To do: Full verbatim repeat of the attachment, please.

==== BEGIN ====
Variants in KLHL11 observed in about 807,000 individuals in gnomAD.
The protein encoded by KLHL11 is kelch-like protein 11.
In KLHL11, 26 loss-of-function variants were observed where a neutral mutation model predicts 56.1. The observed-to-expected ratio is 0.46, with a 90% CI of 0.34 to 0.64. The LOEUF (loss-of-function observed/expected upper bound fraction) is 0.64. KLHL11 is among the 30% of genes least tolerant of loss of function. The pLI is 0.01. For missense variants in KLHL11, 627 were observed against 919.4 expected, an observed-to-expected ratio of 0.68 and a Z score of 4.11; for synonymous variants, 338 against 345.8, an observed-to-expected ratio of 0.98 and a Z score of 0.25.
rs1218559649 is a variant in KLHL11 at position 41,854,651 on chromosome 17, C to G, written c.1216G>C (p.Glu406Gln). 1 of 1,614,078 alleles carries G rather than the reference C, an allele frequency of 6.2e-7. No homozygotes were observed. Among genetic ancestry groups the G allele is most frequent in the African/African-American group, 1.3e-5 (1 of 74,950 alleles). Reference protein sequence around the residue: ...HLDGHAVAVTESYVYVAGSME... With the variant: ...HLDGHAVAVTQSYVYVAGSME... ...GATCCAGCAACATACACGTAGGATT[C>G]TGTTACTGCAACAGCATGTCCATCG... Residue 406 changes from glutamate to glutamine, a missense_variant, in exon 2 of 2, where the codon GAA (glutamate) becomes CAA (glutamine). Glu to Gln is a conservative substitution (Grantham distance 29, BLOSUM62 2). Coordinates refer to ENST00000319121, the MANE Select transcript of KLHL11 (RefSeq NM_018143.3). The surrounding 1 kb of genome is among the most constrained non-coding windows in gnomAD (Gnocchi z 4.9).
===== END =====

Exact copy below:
Variants in KLHL11 observed in about 807,000 individuals in gnomAD.
The protein encoded by KLHL11 is kelch-like protein 11.
In KLHL11, 26 loss-of-function variants were observed where a neutral mutation model predicts 56.1. The observed-to-expected ratio is 0.46, with a 90% CI of 0.34 to 0.64. The LOEUF (loss-of-function observed/expected upper bound fraction) is 0.64. KLHL11 is among the 30% of genes least tolerant of loss of function. The pLI is 0.01. For missense variants in KLHL11, 627 were observed against 919.4 expected, an observed-to-expected ratio of 0.68 and a Z score of 4.11; for synonymous variants, 338 against 345.8, an observed-to-expected ratio of 0.98 and a Z score of 0.25.
rs1218559649 is a variant in KLHL11 at position 41,854,651 on chromosome 17, C to G, written c.1216G>C (p.Glu406Gln). 1 of 1,614,078 alleles carries G rather than the reference C, an allele frequency of 6.2e-7. No homozygotes were observed. Among genetic ancestry groups the G allele is most frequent in the African/African-American group, 1.3e-5 (1 of 74,950 alleles). Reference protein sequence around the residue: ...HLDGHAVAVTESYVYVAGSME... With the variant: ...HLDGHAVAVTQSYVYVAGSME... ...GATCCAGCAACATACACGTAGGATT[C>G]TGTTACTGCAACAGCATGTCCATCG... Residue 406 changes from glutamate to glutamine, a missense_variant, in exon 2 of 2, where the codon GAA (glutamate) becomes CAA (glutamine). Glu to Gln is a conservative substitution (Grantham distance 29, BLOSUM62 2). Coordinates refer to ENST00000319121, the MANE Select transcript of KLHL11 (RefSeq NM_018143.3). The surrounding 1 kb of genome is among the most constrained non-coding windows in gnomAD (Gnocchi z 4.9).